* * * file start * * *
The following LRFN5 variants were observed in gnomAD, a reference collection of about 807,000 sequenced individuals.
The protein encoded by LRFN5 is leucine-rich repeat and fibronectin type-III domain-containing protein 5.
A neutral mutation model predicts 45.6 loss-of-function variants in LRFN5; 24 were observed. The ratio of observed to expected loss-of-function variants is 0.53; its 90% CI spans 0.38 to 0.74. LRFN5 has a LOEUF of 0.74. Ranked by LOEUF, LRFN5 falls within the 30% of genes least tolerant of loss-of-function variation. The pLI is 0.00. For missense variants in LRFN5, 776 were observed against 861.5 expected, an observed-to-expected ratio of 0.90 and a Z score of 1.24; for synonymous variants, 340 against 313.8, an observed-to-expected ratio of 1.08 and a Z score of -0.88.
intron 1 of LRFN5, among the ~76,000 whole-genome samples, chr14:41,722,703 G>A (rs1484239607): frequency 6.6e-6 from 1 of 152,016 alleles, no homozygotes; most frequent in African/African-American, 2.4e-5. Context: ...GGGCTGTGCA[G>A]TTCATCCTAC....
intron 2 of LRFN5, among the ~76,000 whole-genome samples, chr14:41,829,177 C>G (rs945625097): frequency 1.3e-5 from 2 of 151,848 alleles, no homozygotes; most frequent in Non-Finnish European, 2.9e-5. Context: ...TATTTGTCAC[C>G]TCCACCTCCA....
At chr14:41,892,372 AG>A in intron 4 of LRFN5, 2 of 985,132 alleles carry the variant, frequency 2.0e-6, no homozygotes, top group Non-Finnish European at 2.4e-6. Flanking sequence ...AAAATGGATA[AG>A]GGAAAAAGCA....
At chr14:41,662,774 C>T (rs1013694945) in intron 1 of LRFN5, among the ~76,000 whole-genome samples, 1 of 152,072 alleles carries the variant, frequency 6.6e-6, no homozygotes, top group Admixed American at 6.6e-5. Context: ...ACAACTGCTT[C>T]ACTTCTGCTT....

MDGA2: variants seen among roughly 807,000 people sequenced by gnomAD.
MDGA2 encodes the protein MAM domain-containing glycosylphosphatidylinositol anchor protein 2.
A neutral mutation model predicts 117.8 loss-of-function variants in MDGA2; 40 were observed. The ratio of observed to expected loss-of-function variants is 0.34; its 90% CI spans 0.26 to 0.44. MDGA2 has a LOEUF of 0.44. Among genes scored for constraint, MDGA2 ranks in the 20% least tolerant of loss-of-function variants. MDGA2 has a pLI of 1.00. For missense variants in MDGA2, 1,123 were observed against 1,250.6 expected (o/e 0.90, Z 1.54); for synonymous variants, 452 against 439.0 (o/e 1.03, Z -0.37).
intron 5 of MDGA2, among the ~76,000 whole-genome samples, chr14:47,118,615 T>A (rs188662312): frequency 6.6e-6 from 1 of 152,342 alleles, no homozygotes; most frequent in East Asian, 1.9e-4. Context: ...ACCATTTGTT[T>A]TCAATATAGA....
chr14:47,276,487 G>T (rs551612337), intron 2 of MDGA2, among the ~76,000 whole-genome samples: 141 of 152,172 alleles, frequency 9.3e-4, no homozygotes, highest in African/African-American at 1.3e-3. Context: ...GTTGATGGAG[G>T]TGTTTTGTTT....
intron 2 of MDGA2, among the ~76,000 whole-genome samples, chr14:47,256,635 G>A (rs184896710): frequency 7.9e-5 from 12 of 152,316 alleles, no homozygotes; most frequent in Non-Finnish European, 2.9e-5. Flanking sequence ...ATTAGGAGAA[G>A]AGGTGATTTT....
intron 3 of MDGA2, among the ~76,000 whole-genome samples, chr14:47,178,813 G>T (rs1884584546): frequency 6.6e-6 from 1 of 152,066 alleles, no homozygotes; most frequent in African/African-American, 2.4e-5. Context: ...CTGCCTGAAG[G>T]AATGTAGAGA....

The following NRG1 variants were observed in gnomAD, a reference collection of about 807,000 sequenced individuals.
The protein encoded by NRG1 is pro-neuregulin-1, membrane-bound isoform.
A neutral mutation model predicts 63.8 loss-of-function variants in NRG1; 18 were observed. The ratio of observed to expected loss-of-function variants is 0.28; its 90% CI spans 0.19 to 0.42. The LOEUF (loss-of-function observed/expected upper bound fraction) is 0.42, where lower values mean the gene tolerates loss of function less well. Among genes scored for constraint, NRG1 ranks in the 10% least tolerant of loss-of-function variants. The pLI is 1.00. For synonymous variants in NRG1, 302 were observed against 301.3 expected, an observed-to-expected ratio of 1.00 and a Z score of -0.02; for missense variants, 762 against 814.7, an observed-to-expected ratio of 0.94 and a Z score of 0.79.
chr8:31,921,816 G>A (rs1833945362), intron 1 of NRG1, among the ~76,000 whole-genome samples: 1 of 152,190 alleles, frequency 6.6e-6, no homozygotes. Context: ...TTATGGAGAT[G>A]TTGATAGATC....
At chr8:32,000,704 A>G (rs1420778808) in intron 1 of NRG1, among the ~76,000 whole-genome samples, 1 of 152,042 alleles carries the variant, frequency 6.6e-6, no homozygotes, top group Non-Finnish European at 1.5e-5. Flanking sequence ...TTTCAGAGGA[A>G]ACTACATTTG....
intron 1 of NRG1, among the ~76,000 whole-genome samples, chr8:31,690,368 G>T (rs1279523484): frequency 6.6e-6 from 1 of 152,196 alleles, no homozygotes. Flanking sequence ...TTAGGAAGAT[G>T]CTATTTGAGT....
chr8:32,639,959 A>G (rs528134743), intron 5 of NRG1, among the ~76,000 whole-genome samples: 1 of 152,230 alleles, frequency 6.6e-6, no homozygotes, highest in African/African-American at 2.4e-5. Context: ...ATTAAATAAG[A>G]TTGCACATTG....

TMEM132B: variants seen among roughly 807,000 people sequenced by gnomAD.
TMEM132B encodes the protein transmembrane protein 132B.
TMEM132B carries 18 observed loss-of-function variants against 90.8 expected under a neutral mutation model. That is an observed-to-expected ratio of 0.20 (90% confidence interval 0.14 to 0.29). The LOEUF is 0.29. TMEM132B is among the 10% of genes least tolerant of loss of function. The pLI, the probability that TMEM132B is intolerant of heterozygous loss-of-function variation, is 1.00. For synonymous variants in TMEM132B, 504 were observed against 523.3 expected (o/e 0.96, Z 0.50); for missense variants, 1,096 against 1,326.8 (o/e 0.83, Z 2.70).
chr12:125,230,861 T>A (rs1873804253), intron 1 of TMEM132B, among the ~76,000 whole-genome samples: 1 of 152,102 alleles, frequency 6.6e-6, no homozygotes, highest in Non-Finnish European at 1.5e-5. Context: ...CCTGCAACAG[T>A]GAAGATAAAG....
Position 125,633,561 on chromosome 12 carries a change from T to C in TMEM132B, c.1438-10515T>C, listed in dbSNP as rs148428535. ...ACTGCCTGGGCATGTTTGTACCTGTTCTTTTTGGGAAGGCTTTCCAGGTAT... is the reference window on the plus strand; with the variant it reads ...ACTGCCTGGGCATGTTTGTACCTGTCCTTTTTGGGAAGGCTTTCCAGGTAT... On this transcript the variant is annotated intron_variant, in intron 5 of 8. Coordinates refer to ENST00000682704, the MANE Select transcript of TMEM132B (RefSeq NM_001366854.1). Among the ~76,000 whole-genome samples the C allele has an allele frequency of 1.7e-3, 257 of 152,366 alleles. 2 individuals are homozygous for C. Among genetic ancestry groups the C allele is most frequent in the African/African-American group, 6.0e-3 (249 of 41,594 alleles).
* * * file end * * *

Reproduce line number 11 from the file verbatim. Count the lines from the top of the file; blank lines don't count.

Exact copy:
intron 5 of MDGA2, among the ~76,000 whole-genome samples, chr14:47,118,615 T>A (rs188662312): frequency 6.6e-6 from 1 of 152,342 alleles, no homozygotes; most frequent in East Asian, 1.9e-4. Context: ...ACCATTTGTT[T>A]TCAATATAGA....